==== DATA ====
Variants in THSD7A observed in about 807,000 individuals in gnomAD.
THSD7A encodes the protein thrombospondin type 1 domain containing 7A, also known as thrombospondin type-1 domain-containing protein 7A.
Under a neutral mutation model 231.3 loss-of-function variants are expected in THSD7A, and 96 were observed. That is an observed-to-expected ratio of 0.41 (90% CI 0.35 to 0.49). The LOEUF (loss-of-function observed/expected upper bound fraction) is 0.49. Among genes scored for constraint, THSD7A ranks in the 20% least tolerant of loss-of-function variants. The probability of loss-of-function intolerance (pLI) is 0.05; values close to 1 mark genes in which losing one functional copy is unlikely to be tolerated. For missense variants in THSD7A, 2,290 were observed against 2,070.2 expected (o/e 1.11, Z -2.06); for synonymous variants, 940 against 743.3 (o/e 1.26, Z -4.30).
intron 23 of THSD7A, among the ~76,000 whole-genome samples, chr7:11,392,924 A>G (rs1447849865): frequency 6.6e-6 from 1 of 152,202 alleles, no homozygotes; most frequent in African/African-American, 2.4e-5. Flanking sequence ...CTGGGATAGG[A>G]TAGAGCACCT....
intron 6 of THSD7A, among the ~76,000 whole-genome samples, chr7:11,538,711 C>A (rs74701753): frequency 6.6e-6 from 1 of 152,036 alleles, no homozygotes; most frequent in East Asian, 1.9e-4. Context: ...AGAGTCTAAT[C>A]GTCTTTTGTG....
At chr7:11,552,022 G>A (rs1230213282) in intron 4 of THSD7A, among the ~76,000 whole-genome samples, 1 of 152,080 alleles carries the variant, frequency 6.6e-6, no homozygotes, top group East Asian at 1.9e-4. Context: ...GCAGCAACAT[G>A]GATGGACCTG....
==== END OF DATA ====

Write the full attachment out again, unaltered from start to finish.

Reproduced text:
Variants in THSD7A observed in about 807,000 individuals in gnomAD.
THSD7A encodes the protein thrombospondin type 1 domain containing 7A, also known as thrombospondin type-1 domain-containing protein 7A.
Under a neutral mutation model 231.3 loss-of-function variants are expected in THSD7A, and 96 were observed. That is an observed-to-expected ratio of 0.41 (90% CI 0.35 to 0.49). The LOEUF (loss-of-function observed/expected upper bound fraction) is 0.49. Among genes scored for constraint, THSD7A ranks in the 20% least tolerant of loss-of-function variants. The probability of loss-of-function intolerance (pLI) is 0.05; values close to 1 mark genes in which losing one functional copy is unlikely to be tolerated. For missense variants in THSD7A, 2,290 were observed against 2,070.2 expected (o/e 1.11, Z -2.06); for synonymous variants, 940 against 743.3 (o/e 1.26, Z -4.30).
intron 23 of THSD7A, among the ~76,000 whole-genome samples, chr7:11,392,924 A>G (rs1447849865): frequency 6.6e-6 from 1 of 152,202 alleles, no homozygotes; most frequent in African/African-American, 2.4e-5. Flanking sequence ...CTGGGATAGG[A>G]TAGAGCACCT....
intron 6 of THSD7A, among the ~76,000 whole-genome samples, chr7:11,538,711 C>A (rs74701753): frequency 6.6e-6 from 1 of 152,036 alleles, no homozygotes; most frequent in East Asian, 1.9e-4. Context: ...AGAGTCTAAT[C>A]GTCTTTTGTG....
At chr7:11,552,022 G>A (rs1230213282) in intron 4 of THSD7A, among the ~76,000 whole-genome samples, 1 of 152,080 alleles carries the variant, frequency 6.6e-6, no homozygotes, top group East Asian at 1.9e-4. Context: ...GCAGCAACAT[G>A]GATGGACCTG....